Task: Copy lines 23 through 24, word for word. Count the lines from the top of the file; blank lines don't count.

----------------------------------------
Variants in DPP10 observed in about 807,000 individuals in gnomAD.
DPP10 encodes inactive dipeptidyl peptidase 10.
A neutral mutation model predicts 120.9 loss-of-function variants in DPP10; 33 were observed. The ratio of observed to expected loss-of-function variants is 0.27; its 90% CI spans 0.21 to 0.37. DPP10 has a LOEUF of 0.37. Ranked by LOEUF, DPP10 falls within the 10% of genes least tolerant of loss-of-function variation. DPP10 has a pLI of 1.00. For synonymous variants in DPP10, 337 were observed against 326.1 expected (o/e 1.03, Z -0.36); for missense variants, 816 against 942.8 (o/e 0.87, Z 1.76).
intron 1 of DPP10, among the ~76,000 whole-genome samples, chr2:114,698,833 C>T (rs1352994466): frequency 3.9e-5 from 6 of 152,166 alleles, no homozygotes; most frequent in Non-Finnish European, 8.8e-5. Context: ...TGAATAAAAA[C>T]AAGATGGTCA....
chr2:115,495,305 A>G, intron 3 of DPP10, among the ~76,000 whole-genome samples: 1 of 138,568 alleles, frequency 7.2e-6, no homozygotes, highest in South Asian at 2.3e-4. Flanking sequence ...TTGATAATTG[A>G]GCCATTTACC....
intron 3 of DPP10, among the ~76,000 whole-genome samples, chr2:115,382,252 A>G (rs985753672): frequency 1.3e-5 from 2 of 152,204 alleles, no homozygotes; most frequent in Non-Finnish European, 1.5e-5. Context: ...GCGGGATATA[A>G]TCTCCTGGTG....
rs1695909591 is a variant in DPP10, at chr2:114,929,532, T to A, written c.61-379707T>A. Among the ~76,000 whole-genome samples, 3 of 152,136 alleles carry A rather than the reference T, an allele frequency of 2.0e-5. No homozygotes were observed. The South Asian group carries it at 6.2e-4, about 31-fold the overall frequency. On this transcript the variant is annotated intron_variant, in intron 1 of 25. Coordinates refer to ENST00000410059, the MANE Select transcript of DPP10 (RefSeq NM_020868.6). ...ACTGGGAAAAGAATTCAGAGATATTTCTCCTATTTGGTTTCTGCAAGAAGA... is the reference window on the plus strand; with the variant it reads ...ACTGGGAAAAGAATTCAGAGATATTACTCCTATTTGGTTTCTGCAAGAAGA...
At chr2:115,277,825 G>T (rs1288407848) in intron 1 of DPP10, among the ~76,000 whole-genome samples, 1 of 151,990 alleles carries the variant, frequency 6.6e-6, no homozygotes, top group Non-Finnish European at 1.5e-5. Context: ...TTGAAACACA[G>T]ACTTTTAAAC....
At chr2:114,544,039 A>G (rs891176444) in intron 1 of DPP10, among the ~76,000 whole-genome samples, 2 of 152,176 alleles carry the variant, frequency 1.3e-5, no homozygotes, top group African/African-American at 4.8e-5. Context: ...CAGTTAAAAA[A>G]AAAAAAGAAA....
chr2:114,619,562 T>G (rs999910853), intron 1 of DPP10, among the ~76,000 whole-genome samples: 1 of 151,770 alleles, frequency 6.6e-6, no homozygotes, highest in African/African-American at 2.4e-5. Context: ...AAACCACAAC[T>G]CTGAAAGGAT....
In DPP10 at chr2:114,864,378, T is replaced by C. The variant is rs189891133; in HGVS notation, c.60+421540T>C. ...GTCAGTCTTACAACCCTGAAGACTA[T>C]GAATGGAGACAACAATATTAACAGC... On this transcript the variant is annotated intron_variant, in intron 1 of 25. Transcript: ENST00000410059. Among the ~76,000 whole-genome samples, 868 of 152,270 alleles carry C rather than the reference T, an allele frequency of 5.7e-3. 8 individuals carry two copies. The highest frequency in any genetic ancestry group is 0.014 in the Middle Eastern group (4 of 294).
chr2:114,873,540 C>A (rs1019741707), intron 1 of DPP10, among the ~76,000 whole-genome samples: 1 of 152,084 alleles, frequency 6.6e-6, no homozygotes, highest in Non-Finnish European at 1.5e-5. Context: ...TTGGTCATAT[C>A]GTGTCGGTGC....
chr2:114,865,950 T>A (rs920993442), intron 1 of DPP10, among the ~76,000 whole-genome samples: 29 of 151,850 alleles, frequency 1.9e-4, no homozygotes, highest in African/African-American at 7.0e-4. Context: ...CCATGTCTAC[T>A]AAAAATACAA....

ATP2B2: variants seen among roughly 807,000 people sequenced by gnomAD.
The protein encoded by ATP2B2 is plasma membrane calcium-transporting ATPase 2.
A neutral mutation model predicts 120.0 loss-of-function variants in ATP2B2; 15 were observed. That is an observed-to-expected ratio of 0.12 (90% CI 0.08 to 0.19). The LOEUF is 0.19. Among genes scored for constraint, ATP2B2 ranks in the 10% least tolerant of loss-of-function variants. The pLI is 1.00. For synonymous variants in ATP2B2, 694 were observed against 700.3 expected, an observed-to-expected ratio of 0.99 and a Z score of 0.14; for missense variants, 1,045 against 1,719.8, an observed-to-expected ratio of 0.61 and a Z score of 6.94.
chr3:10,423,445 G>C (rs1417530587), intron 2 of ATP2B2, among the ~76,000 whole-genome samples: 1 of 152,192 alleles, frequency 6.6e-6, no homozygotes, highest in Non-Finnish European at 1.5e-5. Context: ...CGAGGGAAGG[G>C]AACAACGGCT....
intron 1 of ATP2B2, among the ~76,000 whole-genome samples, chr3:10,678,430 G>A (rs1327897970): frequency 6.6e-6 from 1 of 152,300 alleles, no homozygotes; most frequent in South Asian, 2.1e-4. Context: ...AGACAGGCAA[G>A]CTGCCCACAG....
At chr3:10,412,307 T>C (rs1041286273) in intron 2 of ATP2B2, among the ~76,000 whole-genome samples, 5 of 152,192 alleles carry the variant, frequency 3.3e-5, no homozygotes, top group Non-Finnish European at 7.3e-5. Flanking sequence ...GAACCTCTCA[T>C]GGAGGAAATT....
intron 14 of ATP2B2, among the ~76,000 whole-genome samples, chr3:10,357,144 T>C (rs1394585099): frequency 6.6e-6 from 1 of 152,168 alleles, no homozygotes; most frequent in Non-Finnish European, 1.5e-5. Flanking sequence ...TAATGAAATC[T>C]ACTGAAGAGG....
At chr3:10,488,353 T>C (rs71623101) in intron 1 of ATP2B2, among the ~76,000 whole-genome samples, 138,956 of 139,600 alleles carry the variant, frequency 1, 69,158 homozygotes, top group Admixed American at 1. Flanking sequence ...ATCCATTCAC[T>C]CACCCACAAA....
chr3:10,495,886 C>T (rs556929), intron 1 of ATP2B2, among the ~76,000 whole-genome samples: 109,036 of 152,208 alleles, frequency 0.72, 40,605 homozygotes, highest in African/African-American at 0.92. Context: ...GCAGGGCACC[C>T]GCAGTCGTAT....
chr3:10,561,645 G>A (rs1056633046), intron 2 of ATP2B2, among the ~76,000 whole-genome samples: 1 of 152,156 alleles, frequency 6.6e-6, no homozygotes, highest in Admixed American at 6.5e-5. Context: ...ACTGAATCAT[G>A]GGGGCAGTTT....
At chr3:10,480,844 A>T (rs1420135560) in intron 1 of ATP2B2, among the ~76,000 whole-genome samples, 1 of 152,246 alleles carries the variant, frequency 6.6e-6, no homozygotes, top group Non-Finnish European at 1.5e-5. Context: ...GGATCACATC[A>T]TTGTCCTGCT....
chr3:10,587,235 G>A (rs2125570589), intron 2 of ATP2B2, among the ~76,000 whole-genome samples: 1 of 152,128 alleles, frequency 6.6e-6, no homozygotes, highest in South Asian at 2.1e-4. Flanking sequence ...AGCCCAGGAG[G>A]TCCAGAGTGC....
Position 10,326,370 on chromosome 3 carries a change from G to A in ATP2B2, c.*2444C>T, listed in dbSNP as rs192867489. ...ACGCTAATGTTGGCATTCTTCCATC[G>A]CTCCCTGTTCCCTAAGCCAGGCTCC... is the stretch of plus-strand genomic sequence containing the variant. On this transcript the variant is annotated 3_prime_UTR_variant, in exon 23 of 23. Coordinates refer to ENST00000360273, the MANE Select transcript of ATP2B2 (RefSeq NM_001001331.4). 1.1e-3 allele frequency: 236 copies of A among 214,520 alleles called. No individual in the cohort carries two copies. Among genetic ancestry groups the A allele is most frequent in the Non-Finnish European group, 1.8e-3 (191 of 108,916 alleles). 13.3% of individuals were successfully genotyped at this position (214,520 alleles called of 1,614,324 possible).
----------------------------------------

chr3:10,561,645 G>A (rs1056633046), intron 2 of ATP2B2, among the ~76,000 whole-genome samples: 1 of 152,156 alleles, frequency 6.6e-6, no homozygotes, highest in Admixed American at 6.5e-5. Context: ...ACTGAATCAT[G>A]GGGGCAGTTT....
At chr3:10,480,844 A>T (rs1420135560) in intron 1 of ATP2B2, among the ~76,000 whole-genome samples, 1 of 152,246 alleles carries the variant, frequency 6.6e-6, no homozygotes, top group Non-Finnish European at 1.5e-5. Context: ...GGATCACATC[A>T]TTGTCCTGCT....